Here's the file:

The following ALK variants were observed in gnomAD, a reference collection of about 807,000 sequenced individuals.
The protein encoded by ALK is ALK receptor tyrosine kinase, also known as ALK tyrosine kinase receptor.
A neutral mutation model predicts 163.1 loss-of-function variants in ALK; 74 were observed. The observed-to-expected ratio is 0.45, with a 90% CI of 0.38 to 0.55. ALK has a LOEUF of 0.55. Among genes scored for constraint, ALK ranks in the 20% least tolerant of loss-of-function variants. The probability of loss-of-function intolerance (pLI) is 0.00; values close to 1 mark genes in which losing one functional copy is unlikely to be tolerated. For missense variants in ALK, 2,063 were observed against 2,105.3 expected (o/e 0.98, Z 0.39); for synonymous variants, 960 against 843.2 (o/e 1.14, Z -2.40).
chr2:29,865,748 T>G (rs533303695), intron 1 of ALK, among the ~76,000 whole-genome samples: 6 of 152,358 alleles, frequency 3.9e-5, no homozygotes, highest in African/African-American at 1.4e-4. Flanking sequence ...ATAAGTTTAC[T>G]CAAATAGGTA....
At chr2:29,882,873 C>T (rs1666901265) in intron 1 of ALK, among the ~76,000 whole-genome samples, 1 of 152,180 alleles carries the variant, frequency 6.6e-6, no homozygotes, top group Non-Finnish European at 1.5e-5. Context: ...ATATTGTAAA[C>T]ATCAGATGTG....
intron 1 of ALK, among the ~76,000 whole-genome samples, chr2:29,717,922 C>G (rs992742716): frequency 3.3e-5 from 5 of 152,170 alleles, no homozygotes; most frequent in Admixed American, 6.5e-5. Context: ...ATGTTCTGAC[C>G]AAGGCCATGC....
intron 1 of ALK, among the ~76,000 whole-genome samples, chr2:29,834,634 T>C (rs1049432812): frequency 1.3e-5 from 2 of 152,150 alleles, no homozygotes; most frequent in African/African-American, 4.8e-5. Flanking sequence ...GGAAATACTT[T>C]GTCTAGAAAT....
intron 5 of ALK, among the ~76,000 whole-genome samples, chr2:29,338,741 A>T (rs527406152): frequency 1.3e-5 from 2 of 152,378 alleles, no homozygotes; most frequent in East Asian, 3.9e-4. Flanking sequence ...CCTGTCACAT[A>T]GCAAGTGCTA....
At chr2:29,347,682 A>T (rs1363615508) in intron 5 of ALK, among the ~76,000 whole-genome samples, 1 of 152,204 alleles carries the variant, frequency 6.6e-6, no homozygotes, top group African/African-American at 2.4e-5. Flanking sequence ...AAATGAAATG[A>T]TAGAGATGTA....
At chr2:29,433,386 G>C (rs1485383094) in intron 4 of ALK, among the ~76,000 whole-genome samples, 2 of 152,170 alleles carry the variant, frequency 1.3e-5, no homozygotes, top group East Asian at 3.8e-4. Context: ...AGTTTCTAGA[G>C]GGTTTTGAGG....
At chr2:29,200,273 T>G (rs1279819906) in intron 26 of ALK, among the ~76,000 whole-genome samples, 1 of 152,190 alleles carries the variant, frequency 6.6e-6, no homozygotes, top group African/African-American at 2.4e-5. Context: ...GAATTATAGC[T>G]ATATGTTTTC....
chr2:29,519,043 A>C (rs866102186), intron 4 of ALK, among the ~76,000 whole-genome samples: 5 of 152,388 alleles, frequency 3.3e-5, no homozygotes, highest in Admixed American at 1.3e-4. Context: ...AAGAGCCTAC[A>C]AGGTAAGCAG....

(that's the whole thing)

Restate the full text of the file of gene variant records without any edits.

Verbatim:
The following ALK variants were observed in gnomAD, a reference collection of about 807,000 sequenced individuals.
The protein encoded by ALK is ALK receptor tyrosine kinase, also known as ALK tyrosine kinase receptor.
A neutral mutation model predicts 163.1 loss-of-function variants in ALK; 74 were observed. The observed-to-expected ratio is 0.45, with a 90% CI of 0.38 to 0.55. ALK has a LOEUF of 0.55. Among genes scored for constraint, ALK ranks in the 20% least tolerant of loss-of-function variants. The probability of loss-of-function intolerance (pLI) is 0.00; values close to 1 mark genes in which losing one functional copy is unlikely to be tolerated. For missense variants in ALK, 2,063 were observed against 2,105.3 expected (o/e 0.98, Z 0.39); for synonymous variants, 960 against 843.2 (o/e 1.14, Z -2.40).
chr2:29,865,748 T>G (rs533303695), intron 1 of ALK, among the ~76,000 whole-genome samples: 6 of 152,358 alleles, frequency 3.9e-5, no homozygotes, highest in African/African-American at 1.4e-4. Flanking sequence ...ATAAGTTTAC[T>G]CAAATAGGTA....
At chr2:29,882,873 C>T (rs1666901265) in intron 1 of ALK, among the ~76,000 whole-genome samples, 1 of 152,180 alleles carries the variant, frequency 6.6e-6, no homozygotes, top group Non-Finnish European at 1.5e-5. Context: ...ATATTGTAAA[C>T]ATCAGATGTG....
intron 1 of ALK, among the ~76,000 whole-genome samples, chr2:29,717,922 C>G (rs992742716): frequency 3.3e-5 from 5 of 152,170 alleles, no homozygotes; most frequent in Admixed American, 6.5e-5. Context: ...ATGTTCTGAC[C>G]AAGGCCATGC....
intron 1 of ALK, among the ~76,000 whole-genome samples, chr2:29,834,634 T>C (rs1049432812): frequency 1.3e-5 from 2 of 152,150 alleles, no homozygotes; most frequent in African/African-American, 4.8e-5. Flanking sequence ...GGAAATACTT[T>C]GTCTAGAAAT....
intron 5 of ALK, among the ~76,000 whole-genome samples, chr2:29,338,741 A>T (rs527406152): frequency 1.3e-5 from 2 of 152,378 alleles, no homozygotes; most frequent in East Asian, 3.9e-4. Flanking sequence ...CCTGTCACAT[A>T]GCAAGTGCTA....
At chr2:29,347,682 A>T (rs1363615508) in intron 5 of ALK, among the ~76,000 whole-genome samples, 1 of 152,204 alleles carries the variant, frequency 6.6e-6, no homozygotes, top group African/African-American at 2.4e-5. Flanking sequence ...AAATGAAATG[A>T]TAGAGATGTA....
At chr2:29,433,386 G>C (rs1485383094) in intron 4 of ALK, among the ~76,000 whole-genome samples, 2 of 152,170 alleles carry the variant, frequency 1.3e-5, no homozygotes, top group East Asian at 3.8e-4. Context: ...AGTTTCTAGA[G>C]GGTTTTGAGG....
At chr2:29,200,273 T>G (rs1279819906) in intron 26 of ALK, among the ~76,000 whole-genome samples, 1 of 152,190 alleles carries the variant, frequency 6.6e-6, no homozygotes, top group African/African-American at 2.4e-5. Context: ...GAATTATAGC[T>G]ATATGTTTTC....
chr2:29,519,043 A>C (rs866102186), intron 4 of ALK, among the ~76,000 whole-genome samples: 5 of 152,388 alleles, frequency 3.3e-5, no homozygotes, highest in Admixed American at 1.3e-4. Context: ...AAGAGCCTAC[A>C]AGGTAAGCAG....